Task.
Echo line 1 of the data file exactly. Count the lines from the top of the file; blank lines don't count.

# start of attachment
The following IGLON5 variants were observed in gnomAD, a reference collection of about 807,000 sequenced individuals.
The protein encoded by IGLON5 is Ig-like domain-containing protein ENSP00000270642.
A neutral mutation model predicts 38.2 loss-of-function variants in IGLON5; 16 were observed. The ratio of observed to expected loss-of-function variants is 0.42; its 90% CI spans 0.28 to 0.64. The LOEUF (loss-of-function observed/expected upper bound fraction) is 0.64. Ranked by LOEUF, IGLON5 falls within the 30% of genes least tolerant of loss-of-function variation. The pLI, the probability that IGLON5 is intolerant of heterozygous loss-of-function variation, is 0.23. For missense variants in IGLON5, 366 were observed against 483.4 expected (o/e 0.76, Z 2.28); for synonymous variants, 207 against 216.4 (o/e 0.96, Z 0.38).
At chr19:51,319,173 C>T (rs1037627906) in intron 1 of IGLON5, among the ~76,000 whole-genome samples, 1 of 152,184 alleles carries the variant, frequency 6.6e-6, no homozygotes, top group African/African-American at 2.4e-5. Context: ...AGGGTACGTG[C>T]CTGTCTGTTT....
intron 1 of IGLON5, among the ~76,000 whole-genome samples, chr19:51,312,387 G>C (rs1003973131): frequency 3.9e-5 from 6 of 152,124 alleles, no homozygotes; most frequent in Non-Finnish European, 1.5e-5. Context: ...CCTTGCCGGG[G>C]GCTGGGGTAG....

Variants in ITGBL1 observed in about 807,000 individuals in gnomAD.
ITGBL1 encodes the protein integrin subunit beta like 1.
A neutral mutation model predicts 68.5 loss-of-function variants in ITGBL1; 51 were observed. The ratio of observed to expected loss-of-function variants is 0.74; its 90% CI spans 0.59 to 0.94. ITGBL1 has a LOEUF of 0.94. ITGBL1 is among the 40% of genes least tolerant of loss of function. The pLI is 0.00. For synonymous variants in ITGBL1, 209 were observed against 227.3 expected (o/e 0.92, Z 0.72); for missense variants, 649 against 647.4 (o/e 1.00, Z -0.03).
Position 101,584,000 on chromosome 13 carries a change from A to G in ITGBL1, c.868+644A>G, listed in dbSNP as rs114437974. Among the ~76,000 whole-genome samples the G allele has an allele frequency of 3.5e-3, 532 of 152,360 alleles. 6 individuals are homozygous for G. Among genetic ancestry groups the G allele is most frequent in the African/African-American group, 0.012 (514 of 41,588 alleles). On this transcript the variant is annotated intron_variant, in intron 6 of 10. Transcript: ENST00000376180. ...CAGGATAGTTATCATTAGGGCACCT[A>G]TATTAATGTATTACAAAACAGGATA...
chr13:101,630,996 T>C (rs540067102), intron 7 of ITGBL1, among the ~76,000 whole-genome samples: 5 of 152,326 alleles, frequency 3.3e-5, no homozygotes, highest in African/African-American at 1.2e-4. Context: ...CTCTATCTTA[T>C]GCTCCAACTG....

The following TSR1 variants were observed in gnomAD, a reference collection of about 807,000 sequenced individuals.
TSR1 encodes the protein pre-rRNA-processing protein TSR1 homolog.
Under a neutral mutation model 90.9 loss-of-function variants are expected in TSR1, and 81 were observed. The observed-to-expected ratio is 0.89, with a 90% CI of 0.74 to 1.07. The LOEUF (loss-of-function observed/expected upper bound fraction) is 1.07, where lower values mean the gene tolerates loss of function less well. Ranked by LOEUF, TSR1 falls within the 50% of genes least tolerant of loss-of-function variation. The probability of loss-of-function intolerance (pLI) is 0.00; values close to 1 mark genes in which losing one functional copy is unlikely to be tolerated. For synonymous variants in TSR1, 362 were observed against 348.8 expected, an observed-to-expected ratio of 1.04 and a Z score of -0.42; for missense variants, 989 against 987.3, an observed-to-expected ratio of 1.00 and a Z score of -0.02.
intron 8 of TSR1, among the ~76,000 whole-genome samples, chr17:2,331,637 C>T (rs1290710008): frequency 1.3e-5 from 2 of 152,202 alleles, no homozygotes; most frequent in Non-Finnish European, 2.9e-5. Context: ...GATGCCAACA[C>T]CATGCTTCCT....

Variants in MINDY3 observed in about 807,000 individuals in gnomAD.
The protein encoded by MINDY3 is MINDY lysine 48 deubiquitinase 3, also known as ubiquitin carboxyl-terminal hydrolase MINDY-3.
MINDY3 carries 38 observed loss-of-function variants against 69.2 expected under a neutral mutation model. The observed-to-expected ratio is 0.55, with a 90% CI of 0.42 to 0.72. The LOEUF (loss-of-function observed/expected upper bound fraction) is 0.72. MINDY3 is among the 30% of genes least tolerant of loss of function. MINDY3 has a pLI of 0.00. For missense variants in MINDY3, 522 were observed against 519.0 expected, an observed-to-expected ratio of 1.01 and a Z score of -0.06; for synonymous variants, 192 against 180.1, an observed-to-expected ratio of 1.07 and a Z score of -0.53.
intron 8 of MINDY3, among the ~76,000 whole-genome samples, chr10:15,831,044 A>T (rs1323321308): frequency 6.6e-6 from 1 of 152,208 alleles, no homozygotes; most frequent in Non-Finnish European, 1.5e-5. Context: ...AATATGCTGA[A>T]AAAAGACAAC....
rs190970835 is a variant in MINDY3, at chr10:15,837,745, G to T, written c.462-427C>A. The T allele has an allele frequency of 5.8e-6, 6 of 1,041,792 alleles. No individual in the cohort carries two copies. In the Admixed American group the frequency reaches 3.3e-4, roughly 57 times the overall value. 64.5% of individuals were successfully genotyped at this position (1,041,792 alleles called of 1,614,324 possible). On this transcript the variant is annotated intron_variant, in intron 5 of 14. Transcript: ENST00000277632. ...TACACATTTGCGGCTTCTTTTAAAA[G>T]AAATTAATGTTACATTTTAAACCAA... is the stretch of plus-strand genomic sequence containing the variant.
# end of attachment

The following IGLON5 variants were observed in gnomAD, a reference collection of about 807,000 sequenced individuals.